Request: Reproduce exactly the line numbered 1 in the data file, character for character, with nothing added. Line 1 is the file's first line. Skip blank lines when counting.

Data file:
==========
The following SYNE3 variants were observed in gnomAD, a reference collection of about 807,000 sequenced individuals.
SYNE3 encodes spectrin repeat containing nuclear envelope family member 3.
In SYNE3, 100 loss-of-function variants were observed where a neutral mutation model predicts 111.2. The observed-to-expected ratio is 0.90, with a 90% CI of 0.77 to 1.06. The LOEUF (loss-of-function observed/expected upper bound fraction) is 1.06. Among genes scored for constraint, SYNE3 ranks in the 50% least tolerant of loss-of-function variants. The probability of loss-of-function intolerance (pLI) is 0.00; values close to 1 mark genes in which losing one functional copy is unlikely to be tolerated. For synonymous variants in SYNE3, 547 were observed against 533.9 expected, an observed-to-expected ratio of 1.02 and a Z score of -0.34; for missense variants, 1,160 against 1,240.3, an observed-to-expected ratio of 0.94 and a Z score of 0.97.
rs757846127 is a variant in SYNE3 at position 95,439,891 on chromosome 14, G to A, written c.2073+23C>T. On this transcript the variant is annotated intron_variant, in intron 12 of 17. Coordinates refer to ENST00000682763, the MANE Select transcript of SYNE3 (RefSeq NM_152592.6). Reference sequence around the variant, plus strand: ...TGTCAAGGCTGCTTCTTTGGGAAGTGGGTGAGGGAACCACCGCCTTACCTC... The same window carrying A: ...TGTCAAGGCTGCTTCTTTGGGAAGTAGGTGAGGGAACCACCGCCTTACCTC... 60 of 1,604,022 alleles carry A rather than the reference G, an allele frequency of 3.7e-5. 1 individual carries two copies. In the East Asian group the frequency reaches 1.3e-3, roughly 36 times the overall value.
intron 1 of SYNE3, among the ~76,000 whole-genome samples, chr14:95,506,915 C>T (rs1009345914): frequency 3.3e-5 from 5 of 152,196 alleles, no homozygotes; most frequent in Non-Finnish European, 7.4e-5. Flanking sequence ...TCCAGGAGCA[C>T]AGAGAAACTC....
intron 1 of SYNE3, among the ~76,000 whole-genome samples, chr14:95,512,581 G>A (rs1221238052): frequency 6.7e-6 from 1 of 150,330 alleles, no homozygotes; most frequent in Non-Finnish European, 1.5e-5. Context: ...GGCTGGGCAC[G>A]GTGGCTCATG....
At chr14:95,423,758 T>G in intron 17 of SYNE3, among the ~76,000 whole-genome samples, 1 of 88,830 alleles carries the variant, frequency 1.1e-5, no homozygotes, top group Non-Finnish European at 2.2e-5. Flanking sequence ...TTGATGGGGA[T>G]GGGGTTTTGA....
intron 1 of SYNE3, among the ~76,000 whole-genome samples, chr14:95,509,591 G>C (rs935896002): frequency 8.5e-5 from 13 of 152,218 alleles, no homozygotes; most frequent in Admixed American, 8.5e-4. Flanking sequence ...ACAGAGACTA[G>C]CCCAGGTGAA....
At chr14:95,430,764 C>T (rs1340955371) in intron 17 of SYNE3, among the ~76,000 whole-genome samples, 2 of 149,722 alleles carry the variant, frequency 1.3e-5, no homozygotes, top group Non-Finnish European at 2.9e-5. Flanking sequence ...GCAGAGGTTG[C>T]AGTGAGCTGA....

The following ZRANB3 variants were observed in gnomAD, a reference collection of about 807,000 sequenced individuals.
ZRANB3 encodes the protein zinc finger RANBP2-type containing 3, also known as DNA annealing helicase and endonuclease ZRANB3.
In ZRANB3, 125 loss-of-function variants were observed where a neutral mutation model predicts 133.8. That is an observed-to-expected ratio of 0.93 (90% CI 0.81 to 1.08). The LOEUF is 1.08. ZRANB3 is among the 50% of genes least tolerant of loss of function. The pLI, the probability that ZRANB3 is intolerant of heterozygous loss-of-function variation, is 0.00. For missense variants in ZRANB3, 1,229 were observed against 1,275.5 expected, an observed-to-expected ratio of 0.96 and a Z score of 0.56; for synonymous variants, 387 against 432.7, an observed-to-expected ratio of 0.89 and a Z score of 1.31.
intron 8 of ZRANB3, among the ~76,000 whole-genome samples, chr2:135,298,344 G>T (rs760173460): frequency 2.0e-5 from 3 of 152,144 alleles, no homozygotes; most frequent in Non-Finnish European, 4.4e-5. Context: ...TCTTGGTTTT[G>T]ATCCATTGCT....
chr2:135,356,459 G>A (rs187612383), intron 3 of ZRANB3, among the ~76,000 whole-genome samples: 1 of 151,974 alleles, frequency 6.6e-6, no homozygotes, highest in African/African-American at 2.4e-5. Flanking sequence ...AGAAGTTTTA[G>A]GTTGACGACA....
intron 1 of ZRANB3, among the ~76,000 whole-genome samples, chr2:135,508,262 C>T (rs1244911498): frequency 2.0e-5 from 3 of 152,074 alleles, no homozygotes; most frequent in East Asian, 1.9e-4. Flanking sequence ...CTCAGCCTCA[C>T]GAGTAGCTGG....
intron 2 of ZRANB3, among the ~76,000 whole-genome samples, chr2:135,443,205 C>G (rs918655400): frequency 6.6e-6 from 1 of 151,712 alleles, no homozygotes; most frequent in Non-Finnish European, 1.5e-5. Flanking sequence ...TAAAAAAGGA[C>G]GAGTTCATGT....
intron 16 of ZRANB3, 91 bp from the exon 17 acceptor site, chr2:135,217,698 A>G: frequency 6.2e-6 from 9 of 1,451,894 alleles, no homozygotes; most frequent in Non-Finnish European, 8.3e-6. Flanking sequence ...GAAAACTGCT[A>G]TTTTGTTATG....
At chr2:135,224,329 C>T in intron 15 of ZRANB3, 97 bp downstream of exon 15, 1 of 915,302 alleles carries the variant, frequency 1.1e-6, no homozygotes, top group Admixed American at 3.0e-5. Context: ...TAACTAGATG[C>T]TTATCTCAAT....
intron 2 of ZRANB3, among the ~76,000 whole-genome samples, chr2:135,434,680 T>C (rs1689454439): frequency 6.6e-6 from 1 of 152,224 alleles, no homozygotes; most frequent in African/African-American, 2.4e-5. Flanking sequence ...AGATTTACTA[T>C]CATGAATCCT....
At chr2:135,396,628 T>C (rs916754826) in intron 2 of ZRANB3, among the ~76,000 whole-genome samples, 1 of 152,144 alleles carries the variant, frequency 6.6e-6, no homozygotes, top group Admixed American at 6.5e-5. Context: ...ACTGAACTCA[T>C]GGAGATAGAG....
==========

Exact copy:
The following SYNE3 variants were observed in gnomAD, a reference collection of about 807,000 sequenced individuals.